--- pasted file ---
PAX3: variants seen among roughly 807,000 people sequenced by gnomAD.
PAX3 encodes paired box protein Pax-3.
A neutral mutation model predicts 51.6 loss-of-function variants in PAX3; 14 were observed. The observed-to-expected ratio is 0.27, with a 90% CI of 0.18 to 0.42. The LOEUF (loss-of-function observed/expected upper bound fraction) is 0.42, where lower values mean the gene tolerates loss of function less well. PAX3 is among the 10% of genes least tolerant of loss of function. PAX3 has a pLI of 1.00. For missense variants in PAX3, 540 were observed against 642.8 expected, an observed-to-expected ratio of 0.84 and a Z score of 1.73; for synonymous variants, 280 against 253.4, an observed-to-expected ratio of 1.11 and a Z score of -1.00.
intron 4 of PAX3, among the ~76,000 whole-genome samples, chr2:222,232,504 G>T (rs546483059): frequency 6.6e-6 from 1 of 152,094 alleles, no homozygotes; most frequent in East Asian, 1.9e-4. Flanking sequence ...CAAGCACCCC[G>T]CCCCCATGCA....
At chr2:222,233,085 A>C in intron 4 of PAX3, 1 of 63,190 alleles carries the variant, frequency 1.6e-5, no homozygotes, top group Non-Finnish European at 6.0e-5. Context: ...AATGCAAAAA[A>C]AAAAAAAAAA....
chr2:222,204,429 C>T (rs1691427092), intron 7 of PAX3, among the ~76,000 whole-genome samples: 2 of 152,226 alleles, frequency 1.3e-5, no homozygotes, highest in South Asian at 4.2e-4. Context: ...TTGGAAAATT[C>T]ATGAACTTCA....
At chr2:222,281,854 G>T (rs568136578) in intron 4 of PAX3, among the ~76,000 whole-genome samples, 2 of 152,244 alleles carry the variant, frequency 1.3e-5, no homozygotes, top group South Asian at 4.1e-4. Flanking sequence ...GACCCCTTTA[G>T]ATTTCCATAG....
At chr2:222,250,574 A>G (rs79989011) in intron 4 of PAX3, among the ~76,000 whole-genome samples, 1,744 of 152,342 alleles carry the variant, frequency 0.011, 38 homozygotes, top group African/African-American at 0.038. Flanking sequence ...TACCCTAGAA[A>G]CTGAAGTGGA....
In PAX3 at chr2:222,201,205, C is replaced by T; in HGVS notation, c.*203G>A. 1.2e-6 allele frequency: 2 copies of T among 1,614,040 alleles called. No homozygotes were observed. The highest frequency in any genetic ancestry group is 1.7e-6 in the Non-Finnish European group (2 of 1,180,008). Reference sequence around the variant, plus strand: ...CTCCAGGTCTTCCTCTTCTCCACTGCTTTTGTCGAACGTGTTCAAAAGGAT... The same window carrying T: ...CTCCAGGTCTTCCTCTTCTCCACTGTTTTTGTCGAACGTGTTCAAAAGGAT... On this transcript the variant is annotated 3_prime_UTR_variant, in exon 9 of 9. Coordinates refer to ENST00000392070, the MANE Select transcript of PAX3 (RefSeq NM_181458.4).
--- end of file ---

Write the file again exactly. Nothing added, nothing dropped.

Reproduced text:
PAX3: variants seen among roughly 807,000 people sequenced by gnomAD.
PAX3 encodes paired box protein Pax-3.
A neutral mutation model predicts 51.6 loss-of-function variants in PAX3; 14 were observed. The observed-to-expected ratio is 0.27, with a 90% CI of 0.18 to 0.42. The LOEUF (loss-of-function observed/expected upper bound fraction) is 0.42, where lower values mean the gene tolerates loss of function less well. PAX3 is among the 10% of genes least tolerant of loss of function. PAX3 has a pLI of 1.00. For missense variants in PAX3, 540 were observed against 642.8 expected, an observed-to-expected ratio of 0.84 and a Z score of 1.73; for synonymous variants, 280 against 253.4, an observed-to-expected ratio of 1.11 and a Z score of -1.00.
intron 4 of PAX3, among the ~76,000 whole-genome samples, chr2:222,232,504 G>T (rs546483059): frequency 6.6e-6 from 1 of 152,094 alleles, no homozygotes; most frequent in East Asian, 1.9e-4. Flanking sequence ...CAAGCACCCC[G>T]CCCCCATGCA....
At chr2:222,233,085 A>C in intron 4 of PAX3, 1 of 63,190 alleles carries the variant, frequency 1.6e-5, no homozygotes, top group Non-Finnish European at 6.0e-5. Context: ...AATGCAAAAA[A>C]AAAAAAAAAA....
chr2:222,204,429 C>T (rs1691427092), intron 7 of PAX3, among the ~76,000 whole-genome samples: 2 of 152,226 alleles, frequency 1.3e-5, no homozygotes, highest in South Asian at 4.2e-4. Context: ...TTGGAAAATT[C>T]ATGAACTTCA....
At chr2:222,281,854 G>T (rs568136578) in intron 4 of PAX3, among the ~76,000 whole-genome samples, 2 of 152,244 alleles carry the variant, frequency 1.3e-5, no homozygotes, top group South Asian at 4.1e-4. Flanking sequence ...GACCCCTTTA[G>T]ATTTCCATAG....
At chr2:222,250,574 A>G (rs79989011) in intron 4 of PAX3, among the ~76,000 whole-genome samples, 1,744 of 152,342 alleles carry the variant, frequency 0.011, 38 homozygotes, top group African/African-American at 0.038. Flanking sequence ...TACCCTAGAA[A>G]CTGAAGTGGA....
In PAX3 at chr2:222,201,205, C is replaced by T; in HGVS notation, c.*203G>A. 1.2e-6 allele frequency: 2 copies of T among 1,614,040 alleles called. No homozygotes were observed. The highest frequency in any genetic ancestry group is 1.7e-6 in the Non-Finnish European group (2 of 1,180,008). Reference sequence around the variant, plus strand: ...CTCCAGGTCTTCCTCTTCTCCACTGCTTTTGTCGAACGTGTTCAAAAGGAT... The same window carrying T: ...CTCCAGGTCTTCCTCTTCTCCACTGTTTTTGTCGAACGTGTTCAAAAGGAT... On this transcript the variant is annotated 3_prime_UTR_variant, in exon 9 of 9. Coordinates refer to ENST00000392070, the MANE Select transcript of PAX3 (RefSeq NM_181458.4).